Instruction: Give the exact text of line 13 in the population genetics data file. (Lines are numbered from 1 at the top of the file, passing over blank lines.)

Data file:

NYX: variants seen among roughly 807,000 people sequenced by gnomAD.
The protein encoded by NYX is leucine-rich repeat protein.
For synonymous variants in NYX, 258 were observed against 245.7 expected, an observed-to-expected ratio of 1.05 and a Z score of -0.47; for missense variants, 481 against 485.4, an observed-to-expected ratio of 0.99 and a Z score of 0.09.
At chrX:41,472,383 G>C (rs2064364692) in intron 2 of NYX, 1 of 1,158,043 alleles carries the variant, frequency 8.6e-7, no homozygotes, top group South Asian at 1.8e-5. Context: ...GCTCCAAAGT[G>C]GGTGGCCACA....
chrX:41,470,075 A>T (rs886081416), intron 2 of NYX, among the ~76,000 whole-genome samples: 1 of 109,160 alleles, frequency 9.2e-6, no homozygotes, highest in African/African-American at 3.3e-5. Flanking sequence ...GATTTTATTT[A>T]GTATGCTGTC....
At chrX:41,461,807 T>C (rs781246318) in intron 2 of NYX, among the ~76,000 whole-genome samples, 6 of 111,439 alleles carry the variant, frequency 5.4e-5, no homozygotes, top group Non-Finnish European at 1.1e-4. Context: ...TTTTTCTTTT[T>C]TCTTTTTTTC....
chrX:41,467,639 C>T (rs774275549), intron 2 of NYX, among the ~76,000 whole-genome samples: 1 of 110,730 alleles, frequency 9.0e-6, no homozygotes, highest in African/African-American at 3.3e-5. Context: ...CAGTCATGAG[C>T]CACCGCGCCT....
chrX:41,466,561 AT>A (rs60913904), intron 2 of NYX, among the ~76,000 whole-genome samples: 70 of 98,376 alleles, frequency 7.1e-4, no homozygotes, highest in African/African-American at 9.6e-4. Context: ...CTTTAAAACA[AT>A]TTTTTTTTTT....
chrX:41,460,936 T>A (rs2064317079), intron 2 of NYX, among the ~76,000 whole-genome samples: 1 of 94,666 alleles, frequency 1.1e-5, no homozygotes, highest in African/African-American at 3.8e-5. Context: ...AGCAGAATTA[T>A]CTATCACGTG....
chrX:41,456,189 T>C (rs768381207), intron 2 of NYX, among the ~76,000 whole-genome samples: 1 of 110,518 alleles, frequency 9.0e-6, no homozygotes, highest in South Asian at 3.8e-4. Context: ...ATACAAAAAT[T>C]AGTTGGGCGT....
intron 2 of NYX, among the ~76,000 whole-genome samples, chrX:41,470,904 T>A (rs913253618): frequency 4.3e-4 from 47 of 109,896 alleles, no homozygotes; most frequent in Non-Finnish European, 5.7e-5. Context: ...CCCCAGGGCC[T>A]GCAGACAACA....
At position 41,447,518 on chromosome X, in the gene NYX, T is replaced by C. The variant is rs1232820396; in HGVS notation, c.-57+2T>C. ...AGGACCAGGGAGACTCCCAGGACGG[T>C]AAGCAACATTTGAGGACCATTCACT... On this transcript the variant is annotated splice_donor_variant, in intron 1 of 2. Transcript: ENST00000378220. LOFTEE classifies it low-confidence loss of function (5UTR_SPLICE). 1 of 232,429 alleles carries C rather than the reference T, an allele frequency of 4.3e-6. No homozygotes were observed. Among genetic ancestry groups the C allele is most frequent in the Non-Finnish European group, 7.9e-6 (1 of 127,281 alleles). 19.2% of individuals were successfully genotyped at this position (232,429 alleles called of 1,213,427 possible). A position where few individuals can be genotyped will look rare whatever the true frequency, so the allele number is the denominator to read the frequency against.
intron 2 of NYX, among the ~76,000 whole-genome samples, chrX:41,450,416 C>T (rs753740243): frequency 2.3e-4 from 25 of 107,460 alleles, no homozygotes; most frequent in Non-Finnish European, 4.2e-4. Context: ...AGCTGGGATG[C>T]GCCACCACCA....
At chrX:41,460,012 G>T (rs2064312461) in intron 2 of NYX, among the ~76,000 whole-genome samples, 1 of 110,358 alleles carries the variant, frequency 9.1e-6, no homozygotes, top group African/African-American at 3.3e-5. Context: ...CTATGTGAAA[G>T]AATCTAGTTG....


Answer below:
intron 2 of NYX, among the ~76,000 whole-genome samples, chrX:41,450,416 C>T (rs753740243): frequency 2.3e-4 from 25 of 107,460 alleles, no homozygotes; most frequent in Non-Finnish European, 4.2e-4. Context: ...AGCTGGGATG[C>T]GCCACCACCA....